- Right to request flexible working arrangement- Allows workers to request scheduling accommodations without fear of retaliation.
- Right to rest- guarantees a day of rest every week (workers do not have to work more than six days in a row) and guarantees adequate rest between shifts (no more “clopens” where a worker closes the store at midnight and opens the store at 6am.)
- Equal treatment regardless of hours worked- prohibits discrimination in pay, promotion and benefits based on the number of scheduled hours
- Retention pay- Requires employers to compensate workers for their availability by making a minimum biweekly payment of $150, which can be met through wages or benefit payments. No worker can be paid less than this amount for two weeks work.
- Offer of work to existing workers- requires employers to offer work to existing qualified part-time workers before hiring new staff or temporary workers.
- Also included in any legislation will be language on protection of these rights with penalties for employers who violate them, prohibitions of retaliation against workers who claim these rights, the posting of notices explaining these rights to workers, and enforcement requirements.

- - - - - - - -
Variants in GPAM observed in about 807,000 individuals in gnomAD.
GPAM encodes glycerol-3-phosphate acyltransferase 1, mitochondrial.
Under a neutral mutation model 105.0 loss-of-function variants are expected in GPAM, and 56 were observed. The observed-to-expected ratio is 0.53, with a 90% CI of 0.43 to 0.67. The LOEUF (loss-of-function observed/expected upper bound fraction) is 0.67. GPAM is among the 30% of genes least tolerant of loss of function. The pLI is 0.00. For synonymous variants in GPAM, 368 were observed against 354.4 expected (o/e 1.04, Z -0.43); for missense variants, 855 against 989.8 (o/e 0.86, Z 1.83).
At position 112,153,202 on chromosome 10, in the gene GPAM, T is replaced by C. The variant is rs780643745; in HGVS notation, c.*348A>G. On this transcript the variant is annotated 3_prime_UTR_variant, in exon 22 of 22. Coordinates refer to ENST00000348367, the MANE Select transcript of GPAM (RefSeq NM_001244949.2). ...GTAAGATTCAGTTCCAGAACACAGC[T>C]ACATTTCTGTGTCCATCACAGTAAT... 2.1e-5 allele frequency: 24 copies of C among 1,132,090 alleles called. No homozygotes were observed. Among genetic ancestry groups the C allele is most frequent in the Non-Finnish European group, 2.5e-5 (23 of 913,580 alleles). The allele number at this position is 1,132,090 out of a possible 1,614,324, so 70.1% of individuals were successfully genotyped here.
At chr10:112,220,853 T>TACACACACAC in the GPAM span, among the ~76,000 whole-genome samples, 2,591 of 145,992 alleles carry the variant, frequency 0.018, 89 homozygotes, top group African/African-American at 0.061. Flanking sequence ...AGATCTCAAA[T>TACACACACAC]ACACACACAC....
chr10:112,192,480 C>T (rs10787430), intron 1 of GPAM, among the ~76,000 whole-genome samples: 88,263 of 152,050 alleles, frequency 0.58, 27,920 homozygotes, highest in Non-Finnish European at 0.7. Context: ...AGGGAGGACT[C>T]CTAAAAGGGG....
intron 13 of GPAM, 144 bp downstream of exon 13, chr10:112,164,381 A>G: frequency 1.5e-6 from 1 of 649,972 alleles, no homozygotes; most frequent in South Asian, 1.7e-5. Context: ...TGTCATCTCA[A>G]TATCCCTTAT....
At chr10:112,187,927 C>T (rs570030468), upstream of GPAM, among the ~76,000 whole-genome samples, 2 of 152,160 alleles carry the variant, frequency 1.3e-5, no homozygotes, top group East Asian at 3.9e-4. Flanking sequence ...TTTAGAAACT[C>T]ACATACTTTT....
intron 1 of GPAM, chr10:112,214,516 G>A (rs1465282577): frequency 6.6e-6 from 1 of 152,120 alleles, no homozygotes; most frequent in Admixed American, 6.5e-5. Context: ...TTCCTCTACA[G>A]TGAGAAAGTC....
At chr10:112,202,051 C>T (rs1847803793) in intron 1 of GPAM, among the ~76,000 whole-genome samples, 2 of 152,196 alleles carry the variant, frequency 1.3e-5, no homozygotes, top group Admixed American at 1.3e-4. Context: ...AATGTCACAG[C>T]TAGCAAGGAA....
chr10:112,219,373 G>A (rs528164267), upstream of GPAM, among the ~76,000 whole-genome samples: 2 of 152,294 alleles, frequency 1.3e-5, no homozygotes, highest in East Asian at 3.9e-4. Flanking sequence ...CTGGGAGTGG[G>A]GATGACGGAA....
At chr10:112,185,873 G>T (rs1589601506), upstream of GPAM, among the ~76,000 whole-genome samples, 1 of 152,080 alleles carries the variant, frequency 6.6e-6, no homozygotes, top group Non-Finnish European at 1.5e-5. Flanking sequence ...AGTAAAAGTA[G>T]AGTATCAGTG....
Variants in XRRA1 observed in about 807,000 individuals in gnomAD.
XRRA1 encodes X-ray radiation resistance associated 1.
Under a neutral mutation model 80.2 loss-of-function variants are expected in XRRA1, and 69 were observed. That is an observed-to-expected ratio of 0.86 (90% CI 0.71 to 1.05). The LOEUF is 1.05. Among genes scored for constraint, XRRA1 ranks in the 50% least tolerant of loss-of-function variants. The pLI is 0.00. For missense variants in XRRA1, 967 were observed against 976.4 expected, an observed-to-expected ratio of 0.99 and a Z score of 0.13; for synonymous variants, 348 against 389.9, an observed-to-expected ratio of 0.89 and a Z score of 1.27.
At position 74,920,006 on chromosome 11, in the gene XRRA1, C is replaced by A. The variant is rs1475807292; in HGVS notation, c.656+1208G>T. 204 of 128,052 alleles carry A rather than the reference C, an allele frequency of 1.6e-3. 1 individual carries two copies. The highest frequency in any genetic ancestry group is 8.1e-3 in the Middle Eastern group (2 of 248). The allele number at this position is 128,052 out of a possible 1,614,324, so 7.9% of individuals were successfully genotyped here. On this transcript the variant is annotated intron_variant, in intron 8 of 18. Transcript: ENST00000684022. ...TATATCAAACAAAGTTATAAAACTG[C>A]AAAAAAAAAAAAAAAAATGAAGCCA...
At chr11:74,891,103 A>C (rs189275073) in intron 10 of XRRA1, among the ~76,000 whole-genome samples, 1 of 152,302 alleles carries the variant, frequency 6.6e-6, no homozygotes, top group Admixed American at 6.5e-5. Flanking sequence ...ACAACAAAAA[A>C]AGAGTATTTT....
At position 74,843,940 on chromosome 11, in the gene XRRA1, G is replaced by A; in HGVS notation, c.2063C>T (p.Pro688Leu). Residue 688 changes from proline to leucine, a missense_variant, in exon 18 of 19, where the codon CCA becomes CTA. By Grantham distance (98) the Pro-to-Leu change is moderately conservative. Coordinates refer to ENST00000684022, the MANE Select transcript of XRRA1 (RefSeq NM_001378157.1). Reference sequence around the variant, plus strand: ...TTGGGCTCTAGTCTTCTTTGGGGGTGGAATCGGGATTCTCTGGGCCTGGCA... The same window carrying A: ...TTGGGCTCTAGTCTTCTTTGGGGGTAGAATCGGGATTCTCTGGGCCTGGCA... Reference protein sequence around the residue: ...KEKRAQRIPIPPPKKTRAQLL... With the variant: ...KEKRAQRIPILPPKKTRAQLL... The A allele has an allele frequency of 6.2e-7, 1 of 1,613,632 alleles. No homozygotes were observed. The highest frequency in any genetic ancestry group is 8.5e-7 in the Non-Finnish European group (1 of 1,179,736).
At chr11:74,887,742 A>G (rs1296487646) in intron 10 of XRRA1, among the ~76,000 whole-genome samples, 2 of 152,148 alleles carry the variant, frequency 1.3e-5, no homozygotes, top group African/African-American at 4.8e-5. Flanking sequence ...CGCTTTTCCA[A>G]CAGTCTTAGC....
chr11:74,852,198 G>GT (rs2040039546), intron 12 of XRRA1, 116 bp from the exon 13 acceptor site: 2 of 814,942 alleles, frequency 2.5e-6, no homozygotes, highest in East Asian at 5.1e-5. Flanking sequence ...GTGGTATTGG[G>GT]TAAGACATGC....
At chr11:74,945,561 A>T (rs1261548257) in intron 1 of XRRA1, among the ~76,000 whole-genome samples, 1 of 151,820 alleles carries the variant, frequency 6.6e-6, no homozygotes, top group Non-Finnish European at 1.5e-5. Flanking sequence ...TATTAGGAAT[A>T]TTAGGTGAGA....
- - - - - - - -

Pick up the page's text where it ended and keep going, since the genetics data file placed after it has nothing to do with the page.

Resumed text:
A decent list of fair scheduling resources can be accessed here at the National Women’s Law Center. As with minimum wage and tipped minimum wage, women are disproportionately impacted by unfair scheduling.
Jobs with Justice has a terrific overview of fair scheduling legislation with links to additional resources here.
Also, CLASP (Center for Law and Social Policy) has a national repository of fair scheduling news articles, briefs, analyses, etc.
Senator Elizabeth Warren has been out front on this issue, and has introduced the Schedules That Work Act, though the likelihood of such a bill passing on the national level in a Republican controlled Congress is low.
This is why the battle for fair scheduling is being done on a state by state or city by city basis, and why the Greater Providence Chamber of Commerce is already making moves to oppose such legislation.
We cannot live our lives serving the whims of work. Work exists to serve people, and when we forget this, families suffer. Fair scheduling is a small step in addressing this injustice.